Since the game-changing innovations of GTFS and Open311, two other data standards efforts have been led by San Francisco. LIVES, a standardized format for restaurant inspection scores, is a product of a partnership between the city and Yelp. This standard allows government inspection data to actually reach consumers through integration with websites like Yelp. More recently the City developed the House Facts Standard with Code for America, which is a uniform format for health and safety inspection data for buildings. Other cities have already signed on and real-estate website Trulia has begun making this information available. Both of these efforts illustrate ways data standards can make government data actually useful to citizens when it is brought to them through the private websites they actually use, rather than squirrelled away in a rarely-visited government website.
As inspection data becomes finally accessible – a great thing – and more uniform, voices like Professor David Ho of Stanford have raised concerns, noting that the inspection process in fact varies from city to city and data standards can become misleading when applied across environments that are in actuality quite different. This is an important caveat, as well as an opportunity to standardize the inspection process itself from city to city, making the data collected more relevant through uniformity and predictability. Data standards can mean process standards as well, and can be a leverage point to incentivize cities to take a second look at long-established processes and improve them to make them more relevant to their citizens’ real-life experiences. Rules should be in place for a reason, a simple fact that so often gets slowly lost under government bureaucracy. Data standards can remind us of that.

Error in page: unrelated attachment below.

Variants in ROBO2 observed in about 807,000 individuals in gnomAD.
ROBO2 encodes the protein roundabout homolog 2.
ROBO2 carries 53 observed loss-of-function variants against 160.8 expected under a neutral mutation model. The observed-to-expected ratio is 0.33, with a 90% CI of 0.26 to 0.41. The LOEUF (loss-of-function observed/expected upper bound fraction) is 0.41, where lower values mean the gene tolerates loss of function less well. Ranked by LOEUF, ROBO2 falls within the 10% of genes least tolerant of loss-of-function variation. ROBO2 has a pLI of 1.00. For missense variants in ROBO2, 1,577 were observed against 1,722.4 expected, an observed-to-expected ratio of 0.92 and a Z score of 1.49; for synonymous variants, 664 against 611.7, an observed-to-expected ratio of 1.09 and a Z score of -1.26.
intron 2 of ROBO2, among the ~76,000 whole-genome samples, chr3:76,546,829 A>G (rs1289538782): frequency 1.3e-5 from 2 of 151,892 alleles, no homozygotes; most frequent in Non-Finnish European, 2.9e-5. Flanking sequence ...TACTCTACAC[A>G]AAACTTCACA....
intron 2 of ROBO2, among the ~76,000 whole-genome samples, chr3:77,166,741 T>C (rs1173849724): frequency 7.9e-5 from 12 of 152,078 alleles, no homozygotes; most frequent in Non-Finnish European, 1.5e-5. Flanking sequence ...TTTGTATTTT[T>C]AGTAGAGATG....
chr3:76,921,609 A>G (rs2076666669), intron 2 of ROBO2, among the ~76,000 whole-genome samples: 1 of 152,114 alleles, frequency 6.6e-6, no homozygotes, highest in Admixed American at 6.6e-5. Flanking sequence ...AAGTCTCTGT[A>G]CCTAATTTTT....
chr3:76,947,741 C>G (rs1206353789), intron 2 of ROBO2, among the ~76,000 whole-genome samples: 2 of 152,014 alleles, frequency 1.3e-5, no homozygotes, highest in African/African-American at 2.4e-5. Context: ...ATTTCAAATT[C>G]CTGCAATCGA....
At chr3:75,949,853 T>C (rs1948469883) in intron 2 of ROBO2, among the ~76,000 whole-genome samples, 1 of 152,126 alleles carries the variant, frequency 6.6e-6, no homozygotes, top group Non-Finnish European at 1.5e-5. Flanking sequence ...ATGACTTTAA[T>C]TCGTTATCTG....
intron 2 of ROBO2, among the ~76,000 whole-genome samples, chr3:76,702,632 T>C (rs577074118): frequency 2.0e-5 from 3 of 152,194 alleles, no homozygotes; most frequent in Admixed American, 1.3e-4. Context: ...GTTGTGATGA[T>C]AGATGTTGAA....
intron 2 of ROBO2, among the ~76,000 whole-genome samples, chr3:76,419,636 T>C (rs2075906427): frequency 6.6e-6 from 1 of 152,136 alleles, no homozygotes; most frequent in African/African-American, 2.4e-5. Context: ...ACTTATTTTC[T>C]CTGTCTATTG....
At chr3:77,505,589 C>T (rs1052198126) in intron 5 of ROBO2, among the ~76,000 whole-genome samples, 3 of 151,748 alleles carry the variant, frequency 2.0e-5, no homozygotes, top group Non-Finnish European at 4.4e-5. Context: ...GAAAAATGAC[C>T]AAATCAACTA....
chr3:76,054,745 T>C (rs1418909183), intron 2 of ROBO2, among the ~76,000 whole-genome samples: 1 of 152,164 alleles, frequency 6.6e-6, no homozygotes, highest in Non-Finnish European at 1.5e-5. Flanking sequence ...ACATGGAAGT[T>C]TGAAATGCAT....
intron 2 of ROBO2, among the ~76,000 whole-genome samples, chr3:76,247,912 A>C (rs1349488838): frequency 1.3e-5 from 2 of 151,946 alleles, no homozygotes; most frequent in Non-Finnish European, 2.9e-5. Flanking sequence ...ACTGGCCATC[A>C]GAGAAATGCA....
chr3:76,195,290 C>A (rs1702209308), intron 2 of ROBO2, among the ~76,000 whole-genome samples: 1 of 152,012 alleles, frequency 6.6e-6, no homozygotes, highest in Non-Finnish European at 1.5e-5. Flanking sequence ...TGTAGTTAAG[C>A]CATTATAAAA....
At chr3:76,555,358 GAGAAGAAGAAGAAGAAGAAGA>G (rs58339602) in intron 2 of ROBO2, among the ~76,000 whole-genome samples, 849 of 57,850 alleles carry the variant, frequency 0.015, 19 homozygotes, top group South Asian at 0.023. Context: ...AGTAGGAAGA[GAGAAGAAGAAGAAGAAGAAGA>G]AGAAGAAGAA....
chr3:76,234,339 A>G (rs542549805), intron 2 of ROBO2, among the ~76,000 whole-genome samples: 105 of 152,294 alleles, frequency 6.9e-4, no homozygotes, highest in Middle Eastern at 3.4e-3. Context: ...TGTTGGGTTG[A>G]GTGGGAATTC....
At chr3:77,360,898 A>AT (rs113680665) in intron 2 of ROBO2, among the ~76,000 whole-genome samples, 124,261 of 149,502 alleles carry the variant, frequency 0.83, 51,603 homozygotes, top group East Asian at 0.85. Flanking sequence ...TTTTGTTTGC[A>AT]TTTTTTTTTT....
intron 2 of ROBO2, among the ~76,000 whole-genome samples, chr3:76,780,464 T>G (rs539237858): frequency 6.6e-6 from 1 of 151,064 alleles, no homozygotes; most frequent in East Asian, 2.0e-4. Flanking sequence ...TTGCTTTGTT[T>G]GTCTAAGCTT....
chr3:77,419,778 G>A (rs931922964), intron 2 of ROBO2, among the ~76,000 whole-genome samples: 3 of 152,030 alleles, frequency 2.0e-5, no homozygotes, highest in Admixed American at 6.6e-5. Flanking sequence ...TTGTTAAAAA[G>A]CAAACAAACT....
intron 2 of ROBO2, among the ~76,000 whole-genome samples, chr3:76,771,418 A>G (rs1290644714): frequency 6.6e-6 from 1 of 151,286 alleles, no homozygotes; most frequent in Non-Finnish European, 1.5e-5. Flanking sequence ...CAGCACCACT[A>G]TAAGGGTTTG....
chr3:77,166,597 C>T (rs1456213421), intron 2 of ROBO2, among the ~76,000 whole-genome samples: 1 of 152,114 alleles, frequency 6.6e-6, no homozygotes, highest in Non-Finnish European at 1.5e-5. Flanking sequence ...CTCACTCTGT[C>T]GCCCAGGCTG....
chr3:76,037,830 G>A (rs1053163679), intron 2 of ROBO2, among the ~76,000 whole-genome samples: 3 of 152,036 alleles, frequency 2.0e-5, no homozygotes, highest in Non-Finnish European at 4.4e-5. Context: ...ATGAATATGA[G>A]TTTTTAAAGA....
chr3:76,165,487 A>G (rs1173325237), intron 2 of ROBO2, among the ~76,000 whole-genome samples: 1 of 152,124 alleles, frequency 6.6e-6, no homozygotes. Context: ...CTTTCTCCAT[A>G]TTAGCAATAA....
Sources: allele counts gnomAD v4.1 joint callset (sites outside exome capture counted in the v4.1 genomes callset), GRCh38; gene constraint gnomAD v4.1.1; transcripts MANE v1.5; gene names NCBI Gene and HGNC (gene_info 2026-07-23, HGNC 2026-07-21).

Sharing relationships like the G7 Cities (Chicago, LA, Boston, NY, Seattle, DC, and SF) continue to develop the public-private partnership model. This approach has had a number of recorded successes so far and is a promising way to develop future data standards. We anticipate that data standards will becoming increasingly prevalent and will change the way governments work with their constituents, private partners, and each other to procure and deliver services.